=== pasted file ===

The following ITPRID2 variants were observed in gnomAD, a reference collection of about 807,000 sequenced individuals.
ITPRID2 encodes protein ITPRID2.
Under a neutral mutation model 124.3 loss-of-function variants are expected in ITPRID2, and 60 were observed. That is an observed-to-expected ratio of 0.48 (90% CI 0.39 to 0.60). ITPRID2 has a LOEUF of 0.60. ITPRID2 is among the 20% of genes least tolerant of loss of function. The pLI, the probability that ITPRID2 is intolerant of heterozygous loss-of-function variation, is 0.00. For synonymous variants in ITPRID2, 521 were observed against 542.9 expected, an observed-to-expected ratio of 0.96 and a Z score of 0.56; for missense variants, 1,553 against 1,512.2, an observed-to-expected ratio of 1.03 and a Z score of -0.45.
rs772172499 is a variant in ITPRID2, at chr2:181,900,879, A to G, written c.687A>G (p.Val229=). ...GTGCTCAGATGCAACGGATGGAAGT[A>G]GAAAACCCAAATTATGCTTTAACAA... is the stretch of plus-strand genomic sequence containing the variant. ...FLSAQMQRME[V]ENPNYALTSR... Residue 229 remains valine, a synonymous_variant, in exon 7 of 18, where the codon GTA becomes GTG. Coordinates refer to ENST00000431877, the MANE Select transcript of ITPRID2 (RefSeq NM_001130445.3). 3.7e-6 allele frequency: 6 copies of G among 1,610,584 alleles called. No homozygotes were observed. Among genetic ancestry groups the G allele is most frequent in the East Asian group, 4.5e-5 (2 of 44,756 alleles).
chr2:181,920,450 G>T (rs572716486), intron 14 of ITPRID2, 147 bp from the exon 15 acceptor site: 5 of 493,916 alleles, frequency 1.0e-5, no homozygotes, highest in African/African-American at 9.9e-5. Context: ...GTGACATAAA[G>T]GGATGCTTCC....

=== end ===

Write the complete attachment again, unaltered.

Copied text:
The following ITPRID2 variants were observed in gnomAD, a reference collection of about 807,000 sequenced individuals.
ITPRID2 encodes protein ITPRID2.
Under a neutral mutation model 124.3 loss-of-function variants are expected in ITPRID2, and 60 were observed. That is an observed-to-expected ratio of 0.48 (90% CI 0.39 to 0.60). ITPRID2 has a LOEUF of 0.60. ITPRID2 is among the 20% of genes least tolerant of loss of function. The pLI, the probability that ITPRID2 is intolerant of heterozygous loss-of-function variation, is 0.00. For synonymous variants in ITPRID2, 521 were observed against 542.9 expected, an observed-to-expected ratio of 0.96 and a Z score of 0.56; for missense variants, 1,553 against 1,512.2, an observed-to-expected ratio of 1.03 and a Z score of -0.45.
rs772172499 is a variant in ITPRID2, at chr2:181,900,879, A to G, written c.687A>G (p.Val229=). ...GTGCTCAGATGCAACGGATGGAAGT[A>G]GAAAACCCAAATTATGCTTTAACAA... is the stretch of plus-strand genomic sequence containing the variant. ...FLSAQMQRME[V]ENPNYALTSR... Residue 229 remains valine, a synonymous_variant, in exon 7 of 18, where the codon GTA becomes GTG. Coordinates refer to ENST00000431877, the MANE Select transcript of ITPRID2 (RefSeq NM_001130445.3). 3.7e-6 allele frequency: 6 copies of G among 1,610,584 alleles called. No homozygotes were observed. Among genetic ancestry groups the G allele is most frequent in the East Asian group, 4.5e-5 (2 of 44,756 alleles).
chr2:181,920,450 G>T (rs572716486), intron 14 of ITPRID2, 147 bp from the exon 15 acceptor site: 5 of 493,916 alleles, frequency 1.0e-5, no homozygotes, highest in African/African-American at 9.9e-5. Context: ...GTGACATAAA[G>T]GGATGCTTCC....